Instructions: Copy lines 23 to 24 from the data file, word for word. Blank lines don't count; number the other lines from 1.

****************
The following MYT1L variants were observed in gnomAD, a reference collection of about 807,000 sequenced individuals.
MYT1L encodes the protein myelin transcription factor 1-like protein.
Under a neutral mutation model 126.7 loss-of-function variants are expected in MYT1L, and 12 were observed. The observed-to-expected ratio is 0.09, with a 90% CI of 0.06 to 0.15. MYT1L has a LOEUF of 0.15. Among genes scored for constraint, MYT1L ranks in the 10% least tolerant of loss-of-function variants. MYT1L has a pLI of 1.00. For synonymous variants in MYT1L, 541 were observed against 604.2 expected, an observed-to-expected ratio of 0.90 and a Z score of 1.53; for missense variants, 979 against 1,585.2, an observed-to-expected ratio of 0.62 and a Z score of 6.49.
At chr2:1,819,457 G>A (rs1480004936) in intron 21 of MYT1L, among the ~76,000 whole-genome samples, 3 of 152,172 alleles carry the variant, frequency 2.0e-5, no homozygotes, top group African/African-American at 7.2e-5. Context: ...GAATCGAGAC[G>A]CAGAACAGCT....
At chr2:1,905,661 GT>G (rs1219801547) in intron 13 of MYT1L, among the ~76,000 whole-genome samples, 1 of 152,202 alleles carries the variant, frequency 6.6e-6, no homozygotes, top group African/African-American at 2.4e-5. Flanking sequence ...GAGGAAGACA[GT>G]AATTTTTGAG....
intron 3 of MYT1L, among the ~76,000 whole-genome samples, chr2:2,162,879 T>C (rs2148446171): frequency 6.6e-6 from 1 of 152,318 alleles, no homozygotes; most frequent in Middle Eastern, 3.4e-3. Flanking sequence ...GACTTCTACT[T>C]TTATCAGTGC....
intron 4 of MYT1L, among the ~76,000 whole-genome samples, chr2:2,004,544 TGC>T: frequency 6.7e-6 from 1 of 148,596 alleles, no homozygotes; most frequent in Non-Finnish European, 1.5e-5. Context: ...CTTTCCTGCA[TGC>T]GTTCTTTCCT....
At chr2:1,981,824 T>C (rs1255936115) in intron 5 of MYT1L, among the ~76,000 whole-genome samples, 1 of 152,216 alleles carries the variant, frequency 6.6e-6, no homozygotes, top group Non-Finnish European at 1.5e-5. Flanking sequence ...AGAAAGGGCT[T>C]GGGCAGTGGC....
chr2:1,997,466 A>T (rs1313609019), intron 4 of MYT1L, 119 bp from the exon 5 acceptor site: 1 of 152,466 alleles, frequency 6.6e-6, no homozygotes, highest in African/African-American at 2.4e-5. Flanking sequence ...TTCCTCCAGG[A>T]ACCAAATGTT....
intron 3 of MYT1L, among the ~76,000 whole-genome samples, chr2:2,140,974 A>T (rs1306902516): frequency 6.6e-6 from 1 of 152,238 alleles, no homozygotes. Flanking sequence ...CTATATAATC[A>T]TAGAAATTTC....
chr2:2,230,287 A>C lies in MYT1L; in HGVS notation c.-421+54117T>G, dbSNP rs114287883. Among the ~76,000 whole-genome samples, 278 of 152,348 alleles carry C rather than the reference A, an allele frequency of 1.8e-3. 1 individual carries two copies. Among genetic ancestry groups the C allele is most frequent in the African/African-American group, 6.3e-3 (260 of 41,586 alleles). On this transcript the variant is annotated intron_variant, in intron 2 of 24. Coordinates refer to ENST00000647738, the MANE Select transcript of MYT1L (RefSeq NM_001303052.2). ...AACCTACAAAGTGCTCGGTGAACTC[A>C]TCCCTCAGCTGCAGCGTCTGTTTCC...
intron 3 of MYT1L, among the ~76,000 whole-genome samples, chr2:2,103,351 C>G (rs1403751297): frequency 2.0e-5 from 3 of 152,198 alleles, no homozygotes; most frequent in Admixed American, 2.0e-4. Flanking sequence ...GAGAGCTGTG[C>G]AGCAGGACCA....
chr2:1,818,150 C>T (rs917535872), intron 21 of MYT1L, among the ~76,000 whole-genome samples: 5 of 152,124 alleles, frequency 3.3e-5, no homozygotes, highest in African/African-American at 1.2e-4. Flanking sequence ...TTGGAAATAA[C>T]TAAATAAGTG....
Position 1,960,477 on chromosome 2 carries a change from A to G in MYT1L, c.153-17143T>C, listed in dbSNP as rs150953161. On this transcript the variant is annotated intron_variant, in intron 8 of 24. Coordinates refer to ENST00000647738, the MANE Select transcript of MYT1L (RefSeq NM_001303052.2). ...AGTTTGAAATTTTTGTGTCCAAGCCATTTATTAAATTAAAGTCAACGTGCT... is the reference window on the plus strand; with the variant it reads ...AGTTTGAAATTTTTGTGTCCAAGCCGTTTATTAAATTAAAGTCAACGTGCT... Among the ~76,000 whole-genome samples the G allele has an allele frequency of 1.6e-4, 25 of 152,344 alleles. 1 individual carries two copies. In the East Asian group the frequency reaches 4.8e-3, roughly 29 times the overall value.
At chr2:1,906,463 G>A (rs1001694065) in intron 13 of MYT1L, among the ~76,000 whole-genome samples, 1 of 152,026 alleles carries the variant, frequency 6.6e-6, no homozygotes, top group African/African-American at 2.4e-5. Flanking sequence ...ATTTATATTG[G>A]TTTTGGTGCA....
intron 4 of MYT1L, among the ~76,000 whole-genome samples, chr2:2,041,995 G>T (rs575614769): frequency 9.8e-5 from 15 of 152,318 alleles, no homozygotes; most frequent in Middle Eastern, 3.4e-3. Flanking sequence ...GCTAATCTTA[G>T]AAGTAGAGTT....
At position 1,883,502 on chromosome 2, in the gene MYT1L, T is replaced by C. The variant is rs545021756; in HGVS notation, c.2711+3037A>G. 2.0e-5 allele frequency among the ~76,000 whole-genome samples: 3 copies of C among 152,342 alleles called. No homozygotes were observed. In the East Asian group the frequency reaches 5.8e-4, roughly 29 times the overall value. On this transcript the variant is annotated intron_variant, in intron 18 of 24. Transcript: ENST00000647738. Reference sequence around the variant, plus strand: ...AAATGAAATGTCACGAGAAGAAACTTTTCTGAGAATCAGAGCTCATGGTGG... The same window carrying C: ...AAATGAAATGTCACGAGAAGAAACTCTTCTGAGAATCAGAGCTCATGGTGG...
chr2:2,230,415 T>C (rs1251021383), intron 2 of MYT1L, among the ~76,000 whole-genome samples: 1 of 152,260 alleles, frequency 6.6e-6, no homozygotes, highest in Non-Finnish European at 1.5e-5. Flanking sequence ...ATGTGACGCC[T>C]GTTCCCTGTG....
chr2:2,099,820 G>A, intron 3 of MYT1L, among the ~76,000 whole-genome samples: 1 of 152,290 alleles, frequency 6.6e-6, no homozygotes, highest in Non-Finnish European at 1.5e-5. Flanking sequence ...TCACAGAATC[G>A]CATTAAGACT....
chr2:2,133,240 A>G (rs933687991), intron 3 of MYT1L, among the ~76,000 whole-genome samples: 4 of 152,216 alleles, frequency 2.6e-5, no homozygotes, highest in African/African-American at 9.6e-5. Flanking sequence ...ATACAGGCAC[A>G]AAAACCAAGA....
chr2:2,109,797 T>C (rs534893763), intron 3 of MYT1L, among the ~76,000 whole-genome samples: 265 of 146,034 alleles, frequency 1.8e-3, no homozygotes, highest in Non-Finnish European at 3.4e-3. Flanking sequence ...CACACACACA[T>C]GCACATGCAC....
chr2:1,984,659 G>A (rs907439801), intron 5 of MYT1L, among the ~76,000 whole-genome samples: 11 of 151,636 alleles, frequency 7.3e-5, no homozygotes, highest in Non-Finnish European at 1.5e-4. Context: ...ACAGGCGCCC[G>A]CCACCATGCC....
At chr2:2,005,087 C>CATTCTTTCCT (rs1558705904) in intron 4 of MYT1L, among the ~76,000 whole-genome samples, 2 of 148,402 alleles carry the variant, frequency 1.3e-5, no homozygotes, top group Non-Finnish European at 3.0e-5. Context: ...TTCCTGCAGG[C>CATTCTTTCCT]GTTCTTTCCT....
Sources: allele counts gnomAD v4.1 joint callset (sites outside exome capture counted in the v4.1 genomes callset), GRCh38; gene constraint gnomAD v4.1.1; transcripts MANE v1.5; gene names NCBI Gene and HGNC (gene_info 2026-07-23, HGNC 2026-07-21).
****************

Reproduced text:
At chr2:2,005,087 C>CATTCTTTCCT (rs1558705904) in intron 4 of MYT1L, among the ~76,000 whole-genome samples, 2 of 148,402 alleles carry the variant, frequency 1.3e-5, no homozygotes, top group Non-Finnish European at 3.0e-5. Context: ...TTCCTGCAGG[C>CATTCTTTCCT]GTTCTTTCCT....
Sources: allele counts gnomAD v4.1 joint callset (sites outside exome capture counted in the v4.1 genomes callset), GRCh38; gene constraint gnomAD v4.1.1; transcripts MANE v1.5; gene names NCBI Gene and HGNC (gene_info 2026-07-23, HGNC 2026-07-21).